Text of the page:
• solid-phase microextraction;
  • gas chromatography;
  • gas chromatography/mass spectrometry;
  • high-performance liquid chromatography;
  • high-performance liquid chromatography/mass spectrometry;
  • solid-phase microextraction/matrix-assisted laser desorption/ionization mass spectrometry;
  • capillary electrophoresis/mass spectrometry;
  • headspace;
  • environmental chemistry;
  • food analysis;
  • wine;
  • pharmaceuticals;
  • pharmakokinetics;
  • forensic analysis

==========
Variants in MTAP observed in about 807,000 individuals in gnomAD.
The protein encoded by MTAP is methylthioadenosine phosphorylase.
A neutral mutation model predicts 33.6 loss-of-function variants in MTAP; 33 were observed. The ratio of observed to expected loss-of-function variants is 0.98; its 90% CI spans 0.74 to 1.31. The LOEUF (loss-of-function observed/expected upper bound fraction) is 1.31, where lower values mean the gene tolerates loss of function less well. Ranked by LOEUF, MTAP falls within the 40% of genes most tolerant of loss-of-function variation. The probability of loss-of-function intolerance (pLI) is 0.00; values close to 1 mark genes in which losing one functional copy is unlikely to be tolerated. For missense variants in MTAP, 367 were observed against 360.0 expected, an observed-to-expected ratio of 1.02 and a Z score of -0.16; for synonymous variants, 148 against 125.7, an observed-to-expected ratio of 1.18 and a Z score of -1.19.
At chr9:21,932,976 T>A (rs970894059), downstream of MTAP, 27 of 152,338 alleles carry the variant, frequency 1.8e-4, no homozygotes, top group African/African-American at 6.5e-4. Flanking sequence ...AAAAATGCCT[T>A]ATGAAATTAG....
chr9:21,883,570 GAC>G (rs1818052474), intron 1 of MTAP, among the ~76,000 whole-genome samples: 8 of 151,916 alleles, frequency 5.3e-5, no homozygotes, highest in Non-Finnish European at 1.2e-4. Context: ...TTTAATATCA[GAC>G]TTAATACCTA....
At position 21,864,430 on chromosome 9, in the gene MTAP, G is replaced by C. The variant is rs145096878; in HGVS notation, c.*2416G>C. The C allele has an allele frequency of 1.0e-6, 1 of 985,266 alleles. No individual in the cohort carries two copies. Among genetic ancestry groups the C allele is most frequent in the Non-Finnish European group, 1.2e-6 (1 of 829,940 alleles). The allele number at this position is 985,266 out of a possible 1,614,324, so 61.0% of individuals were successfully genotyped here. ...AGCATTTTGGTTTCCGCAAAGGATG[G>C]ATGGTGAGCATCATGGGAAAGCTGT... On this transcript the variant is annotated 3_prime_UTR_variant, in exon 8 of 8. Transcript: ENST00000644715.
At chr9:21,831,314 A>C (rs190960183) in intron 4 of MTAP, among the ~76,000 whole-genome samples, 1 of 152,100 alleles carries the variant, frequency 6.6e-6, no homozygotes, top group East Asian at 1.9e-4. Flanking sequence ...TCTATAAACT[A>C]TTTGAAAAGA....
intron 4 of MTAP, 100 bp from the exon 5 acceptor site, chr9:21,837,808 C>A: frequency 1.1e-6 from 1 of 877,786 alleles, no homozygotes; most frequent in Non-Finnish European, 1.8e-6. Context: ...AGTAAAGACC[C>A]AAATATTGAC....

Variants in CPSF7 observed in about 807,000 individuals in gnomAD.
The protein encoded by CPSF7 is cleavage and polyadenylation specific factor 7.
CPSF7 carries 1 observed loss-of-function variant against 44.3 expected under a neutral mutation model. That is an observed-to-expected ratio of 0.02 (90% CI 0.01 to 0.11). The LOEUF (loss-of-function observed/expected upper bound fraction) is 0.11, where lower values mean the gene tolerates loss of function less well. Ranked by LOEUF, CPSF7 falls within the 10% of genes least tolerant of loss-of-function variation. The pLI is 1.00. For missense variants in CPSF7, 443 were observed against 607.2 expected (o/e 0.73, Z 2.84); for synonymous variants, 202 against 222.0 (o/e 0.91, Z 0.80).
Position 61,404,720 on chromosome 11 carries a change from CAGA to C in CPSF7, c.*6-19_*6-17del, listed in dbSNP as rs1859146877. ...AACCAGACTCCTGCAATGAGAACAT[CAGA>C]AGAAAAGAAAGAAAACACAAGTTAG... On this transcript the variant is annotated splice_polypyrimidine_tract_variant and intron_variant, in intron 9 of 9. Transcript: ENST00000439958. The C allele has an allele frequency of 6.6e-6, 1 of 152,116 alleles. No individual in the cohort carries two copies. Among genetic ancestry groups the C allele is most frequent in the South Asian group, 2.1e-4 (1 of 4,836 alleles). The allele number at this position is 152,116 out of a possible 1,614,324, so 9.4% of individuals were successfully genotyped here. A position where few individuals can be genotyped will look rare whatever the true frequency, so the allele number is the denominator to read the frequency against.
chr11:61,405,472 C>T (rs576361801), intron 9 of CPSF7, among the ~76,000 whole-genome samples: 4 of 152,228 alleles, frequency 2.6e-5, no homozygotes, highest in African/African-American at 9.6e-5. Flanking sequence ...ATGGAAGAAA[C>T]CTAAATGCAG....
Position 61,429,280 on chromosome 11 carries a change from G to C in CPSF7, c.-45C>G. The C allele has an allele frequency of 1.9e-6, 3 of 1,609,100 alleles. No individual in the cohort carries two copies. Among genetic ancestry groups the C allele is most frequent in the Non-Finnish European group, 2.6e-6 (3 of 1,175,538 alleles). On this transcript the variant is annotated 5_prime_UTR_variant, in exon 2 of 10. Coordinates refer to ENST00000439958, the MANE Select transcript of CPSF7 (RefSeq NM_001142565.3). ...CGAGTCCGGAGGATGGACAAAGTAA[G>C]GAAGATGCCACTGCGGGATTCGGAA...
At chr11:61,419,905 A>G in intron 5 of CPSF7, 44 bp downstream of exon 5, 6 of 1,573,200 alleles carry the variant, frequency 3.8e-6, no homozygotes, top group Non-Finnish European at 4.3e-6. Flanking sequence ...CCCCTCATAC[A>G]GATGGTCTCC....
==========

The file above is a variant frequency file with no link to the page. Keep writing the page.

Sample preparation is an essential step in analysis, greatly influencing the reliability and accuracy of resulted the time and cost of analysis. Solid-Phase Microextraction (SPME) is a very simple and efficient, solventless sample preparation method, invented by Pawliszyn in 1989. SPME has been widely used in different fields of analytical chemistry since its first applications to environmental and food analysis and is ideally suited for coupling with mass spectrometry (MS). All steps of the conventional liquid–liquid extraction (LLE) such as extraction, concentration, (derivatization) and transfer to the chromatograph are integrated into one step and one device, considerably simplifying the sample preparation procedure. It uses a fused-silica fibre that is coated on the outside with an appropriate stationary phase. The analytes in the sample are directly extracted to the fibre coating. The SPME technique can be routinely used in combination with gas chromatography, high-performance liquid chromatography and capillary electrophoresis and places no restriction on MS. SPME reduces the time necessary for sample preparation, decreases purchase and disposal costs of solvents and can improve detection limits. The SPME technique is ideally suited for MS applications, combining a simple and efficient sample preparation with versatile and sensitive detection. This review summarizes analytical characteristics and variants of the SPME technique and its applications in combination with MS. Copyright © 2004 John Wiley & Sons, Ltd.